Xena’s mouth was hanging open, and she stared at me, dumbfounded. I waved my hand in front of her shocked face, but she didn’t respond, so I slipped into the tent to get dressed.
As I shimmied out of the dirty clothes that I’d slept in, I could hear Xena pacing in front of the tent. There was the snapping sound of an elastic smacking against hair. Xena was playing absently with her red tresses, like she often did when she was upset.
What did I do to make her so angry? I wondered as I pulled on a gray hoodie to ward off the early-morning chill.
Fully dressed, I stepped out of the tent, and was instantly met by Xena’s hand slapping against my cheek. I yelped and touched the stinging spot of skin. “What was that for?” I cried.
“To knock some sense into you,” Xena growled, shaking me by my shoulders. “‘Who is Claire?’ She’s your best friend! She’s my best friend! We need to save her!”
I brushed her hands off my shoulders. “Sorry, I don’t know what you’re talking about . . .”
Xena looked on the verge of tears. She murmured, “Mrs. Atkins, the Fairfaxes, and now you? Why does everyone keep forgetting?”
After a minute of uncomfortable silence, Xena blurted, “Where did you get that necklace, Steph?” She tapped the compass dangling on a cord around my neck.
I grabbed the pendant and fingered it. I hadn’t noticed the necklace until Xena had pointed it out — how weird. “Um . . . a friend gave it to me?” I wasn’t exactly sure how I’d come to own the necklace, but looking at it made me strangely sad. “I don’t know.”
Xena slapped me again, and I shouted.
“Stephanie. That necklace belongs to Claire Fairfax. She’s missing. The compass can lead us to her. Please concentrate — you need to remember!”
My cheek still throbbing, I closed my eyes, and Xena started describing someone to me: long, curly, white-blonde hair; aqua eyes; a soft, understanding voice; a sharp mind. A vague picture was forming in my head.
“Claire!” I shouted.
I collapsed on the ground next to the tent as memories came rushing back. I felt so ashamed; how could I have forgotten Claire? She was the reason I was out here. I aimed a grim smile at Xena and whispered, “Thanks for slapping me.”
My friend prepared a cup of tea and an energy bar for me to eat while I tugged on my boots.
My breakfast was gone in a blink, and I brushed my teeth as Xena started packing up camp. She hadn’t gotten far when she yelled “Blast!” and started kicking her hiking boots around in the dirt.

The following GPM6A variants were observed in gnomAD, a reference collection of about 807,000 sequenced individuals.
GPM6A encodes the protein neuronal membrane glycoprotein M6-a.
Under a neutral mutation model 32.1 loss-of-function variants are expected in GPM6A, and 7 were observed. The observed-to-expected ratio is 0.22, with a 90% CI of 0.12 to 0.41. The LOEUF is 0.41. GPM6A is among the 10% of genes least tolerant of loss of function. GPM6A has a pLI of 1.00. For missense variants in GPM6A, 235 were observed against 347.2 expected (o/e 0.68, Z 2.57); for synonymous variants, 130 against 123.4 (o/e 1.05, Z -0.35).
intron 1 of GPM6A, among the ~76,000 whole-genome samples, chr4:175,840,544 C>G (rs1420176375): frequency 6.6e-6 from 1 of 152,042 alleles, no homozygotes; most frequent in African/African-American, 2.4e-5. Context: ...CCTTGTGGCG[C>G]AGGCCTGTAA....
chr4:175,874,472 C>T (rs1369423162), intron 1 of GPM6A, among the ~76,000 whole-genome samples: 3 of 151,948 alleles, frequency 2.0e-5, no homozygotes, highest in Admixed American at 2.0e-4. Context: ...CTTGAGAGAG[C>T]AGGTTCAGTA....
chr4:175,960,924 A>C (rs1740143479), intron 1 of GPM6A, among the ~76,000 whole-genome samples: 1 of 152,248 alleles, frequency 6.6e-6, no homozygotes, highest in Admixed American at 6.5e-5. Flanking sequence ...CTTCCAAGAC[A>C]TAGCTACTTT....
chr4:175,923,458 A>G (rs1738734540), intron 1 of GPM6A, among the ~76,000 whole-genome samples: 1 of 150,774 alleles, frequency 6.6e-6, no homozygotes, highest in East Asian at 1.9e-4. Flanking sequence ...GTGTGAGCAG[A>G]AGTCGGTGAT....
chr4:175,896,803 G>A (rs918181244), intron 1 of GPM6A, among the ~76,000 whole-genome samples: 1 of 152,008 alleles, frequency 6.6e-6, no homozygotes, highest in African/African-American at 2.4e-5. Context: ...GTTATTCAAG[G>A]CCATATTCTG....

“What?” I asked, toothpaste foam spewing out of my mouth.
“The bag the tent goes in is gone. It was pretty windy last night, so it probably blew away. I’m glad that nothing else is gone, but now there’s no way to carry the tent!” she exclaimed. “We’ll have to leave it here. Mama will be so angry if we come back with no tent . . .”
When I was done brushing my teeth, I helped Xena stuff our sleeping bags into our backpacks.
I checked the compass to see which direction we needed to go in to find Claire, and we headed deeper into the forest.
* * *
Using Claire’s compass to track her down somehow drained our energy, so Xena and I traded it back and forth as the day wore on.
By lunchtime, we were hot and hungry, and it didn’t help matters that it felt like we were going in circles.
Eventually, with Xena in charge of the compass, we left the forest and found ourselves on a quiet road. Xena consulted the necklace and pointed at a large brick house on the end of the street. “There.”
That’s where Claire was being held prisoner? Call me dramatic, but I had envisioned having to break into a castle with a crocodile-filled moat in order to save her.
We marched up the drive to the house.
Before we could come up with a brilliant plan to rescue Claire, Xena knocked on the door with a steeled expression. It swung open a moment later to reveal two people: a redheaded woman dressed in pajamas, and a man in work clothes.
These were the people who were guarding Claire? In their late thirties, with kind blue eyes, they didn’t look like security.
“Hello,” greeted the woman. Her cheeks were flushed; she was clearly embarrassed to be seen in her nightclothes. “Can I help you girls?”
Straight-forward as always, but with an odd tremble in her voice, Xena asked, “Did you ever put a child up for adoption? Maybe a girl named Xena.”
The woman, the man behind her, and I all gasped at the same time.
“How . . . how do you know about that?” the lady demanded, tears brimming in her eyes.
“My name is Xena Fletcher,” my friend said coolly. “Thank you for your help.” She turned on her heel and ran down the street, leaving the stunned husband and wife standing in the doorway.
I sprinted after her, shouting her name. I caught up with Xena on the other end of the street, snagging her arm and forcing her to face me. “What . . . what was that about?”
Xena was blinking furiously. “Stephanie — have you ever noticed that I look nothing like my parents?”
I nodded slowly. Of course I’d noticed — I’d just never bothered to wonder why.
“My mom is Chinese,” she continued, her voice thick. “My dad has blond hair. I look nothing like them. In the back of my mind, there’s always been a nagging little voice whispering to me that I don’t belong in my family . I never wanted to believe it. But now . . .” She fingered Claire’s necklace. “This compass points to your heart’s desire. I wanted to find my birth family.” She laughed a bitter, sad, hollow laugh. “And to think — all these years, they were in the town just on the other side of the woods.”
I didn’t know what to say.
“Maybe you should lead, Steph,” Xena said, and passed me the compass.
Update on my doll camp: instead of doing a sports theme, I’m going to do “Summer Days” — fancy speak for “General Summer Stuff.” I made this camp, I can change my theme if I want to. 😉